Looking back over your MBA experience, what is the one thing you’d do differently and why? The first semester of getting your MBA is always hard for most students since you are transitioning back from the corporate world to the world of academia. The transition period is longer if you are an international student since you are also getting acclimatized to a new culture. The additional transition time means that you cannot attend as many events as you would like to. Given the opportunity to pursue my MBA again, I would like to attend a few more socials with students from the Class of 2020. I always feel like that I never got a chance to know some of them as well as I could have.
What is the biggest myth about your school? I had a lot of friends who had pursued their Master’s in Engineering at Georgia Institute of Technology and everyone had told me that it is one of the most competitive schools in the United States. However, within the first week of starting school, I realized how different the entire cohort in the business school was. Everyone was willing to collaborate and learn from each other. People who have expertise in certain topics would help bring others up to speed and a conscious effort is made to ensure that no one gets left behind. In my own core team, each person had an expertise in a particular area. Ryan Peters was exceptionally good in finance and Gabriela Solis was the in-house guru for marketing. For all things related to information sciences like SQL and Tableau, the team would turn to Denzel McCollum. Whenever we faced challenges with concepts taught in class, we could easily rely on each other.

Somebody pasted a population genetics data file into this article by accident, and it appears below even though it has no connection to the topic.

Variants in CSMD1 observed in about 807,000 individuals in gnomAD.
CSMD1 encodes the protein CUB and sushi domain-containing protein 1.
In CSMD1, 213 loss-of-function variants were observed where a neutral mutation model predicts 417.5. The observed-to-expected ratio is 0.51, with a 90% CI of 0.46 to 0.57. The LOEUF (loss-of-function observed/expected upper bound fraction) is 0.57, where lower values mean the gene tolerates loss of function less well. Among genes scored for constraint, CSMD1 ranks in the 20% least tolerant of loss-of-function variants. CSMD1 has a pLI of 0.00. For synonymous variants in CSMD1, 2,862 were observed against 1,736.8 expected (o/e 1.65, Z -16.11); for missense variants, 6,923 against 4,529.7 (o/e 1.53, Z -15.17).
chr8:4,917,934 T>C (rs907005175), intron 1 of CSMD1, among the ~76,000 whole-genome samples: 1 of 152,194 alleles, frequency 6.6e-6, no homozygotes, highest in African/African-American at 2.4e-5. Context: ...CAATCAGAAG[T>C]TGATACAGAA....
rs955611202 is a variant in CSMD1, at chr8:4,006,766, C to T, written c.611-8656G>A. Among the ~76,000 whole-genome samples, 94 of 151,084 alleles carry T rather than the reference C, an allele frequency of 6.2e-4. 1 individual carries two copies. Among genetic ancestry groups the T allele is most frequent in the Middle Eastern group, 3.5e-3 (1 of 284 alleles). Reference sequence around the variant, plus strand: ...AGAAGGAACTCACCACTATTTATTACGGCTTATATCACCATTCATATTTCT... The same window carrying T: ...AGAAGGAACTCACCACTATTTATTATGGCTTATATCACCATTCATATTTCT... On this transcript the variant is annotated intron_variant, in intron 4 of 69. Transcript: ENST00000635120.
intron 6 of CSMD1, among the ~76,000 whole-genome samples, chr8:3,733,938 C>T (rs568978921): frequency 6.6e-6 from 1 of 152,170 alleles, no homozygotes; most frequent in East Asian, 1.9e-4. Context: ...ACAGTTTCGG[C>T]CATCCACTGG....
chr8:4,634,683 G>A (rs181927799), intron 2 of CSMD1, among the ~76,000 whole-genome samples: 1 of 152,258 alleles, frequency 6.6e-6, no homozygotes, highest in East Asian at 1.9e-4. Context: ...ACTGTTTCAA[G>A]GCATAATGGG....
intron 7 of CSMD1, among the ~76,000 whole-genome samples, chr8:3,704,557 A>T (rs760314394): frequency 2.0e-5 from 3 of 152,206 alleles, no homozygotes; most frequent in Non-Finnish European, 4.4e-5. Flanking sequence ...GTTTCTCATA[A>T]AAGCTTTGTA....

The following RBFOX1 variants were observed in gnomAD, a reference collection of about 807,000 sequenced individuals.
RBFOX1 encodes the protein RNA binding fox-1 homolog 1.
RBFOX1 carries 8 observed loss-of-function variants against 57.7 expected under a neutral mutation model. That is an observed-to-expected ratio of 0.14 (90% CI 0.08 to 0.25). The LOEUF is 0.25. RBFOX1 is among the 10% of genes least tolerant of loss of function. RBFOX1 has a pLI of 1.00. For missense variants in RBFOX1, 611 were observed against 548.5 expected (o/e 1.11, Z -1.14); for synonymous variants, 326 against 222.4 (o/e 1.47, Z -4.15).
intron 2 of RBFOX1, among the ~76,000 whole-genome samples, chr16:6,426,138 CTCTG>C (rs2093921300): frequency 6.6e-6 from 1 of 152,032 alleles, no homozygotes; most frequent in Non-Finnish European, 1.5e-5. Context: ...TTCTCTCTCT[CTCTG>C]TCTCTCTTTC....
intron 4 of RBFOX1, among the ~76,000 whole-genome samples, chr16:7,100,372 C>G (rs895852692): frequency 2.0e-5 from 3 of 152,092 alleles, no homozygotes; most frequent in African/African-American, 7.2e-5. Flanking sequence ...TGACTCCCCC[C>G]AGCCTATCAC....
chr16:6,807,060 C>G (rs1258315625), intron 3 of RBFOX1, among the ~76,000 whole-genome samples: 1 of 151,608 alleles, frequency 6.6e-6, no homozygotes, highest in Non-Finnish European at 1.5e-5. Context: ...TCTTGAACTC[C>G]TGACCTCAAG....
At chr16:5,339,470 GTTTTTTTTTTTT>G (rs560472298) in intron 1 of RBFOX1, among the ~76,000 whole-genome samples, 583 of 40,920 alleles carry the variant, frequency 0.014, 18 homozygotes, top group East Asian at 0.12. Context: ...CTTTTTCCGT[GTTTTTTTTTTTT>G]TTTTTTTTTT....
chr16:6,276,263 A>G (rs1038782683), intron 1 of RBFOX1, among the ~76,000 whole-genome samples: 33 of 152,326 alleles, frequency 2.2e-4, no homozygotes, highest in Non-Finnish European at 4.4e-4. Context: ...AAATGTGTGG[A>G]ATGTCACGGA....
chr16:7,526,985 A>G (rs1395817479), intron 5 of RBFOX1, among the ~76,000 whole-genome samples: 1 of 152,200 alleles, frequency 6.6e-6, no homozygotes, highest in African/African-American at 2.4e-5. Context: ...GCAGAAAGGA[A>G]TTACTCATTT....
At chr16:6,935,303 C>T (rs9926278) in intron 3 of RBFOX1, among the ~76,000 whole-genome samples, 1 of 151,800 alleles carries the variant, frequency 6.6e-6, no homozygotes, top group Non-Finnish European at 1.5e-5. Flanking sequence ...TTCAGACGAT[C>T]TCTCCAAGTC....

What surprised you the most about business school? The one thing that surprised me the most was how diverse the Class of 2021 was. We had MD-MBAs, lawyers, engineers, graphic designers, entrepreneurs, and more. The beauty of the diversity would be seen during intense discussion sessions in class. Each person would have a different take on the same issue and suddenly you would realize that the person across the classroom has an approach which you would have never thought of and the impact of that approach could be very significant.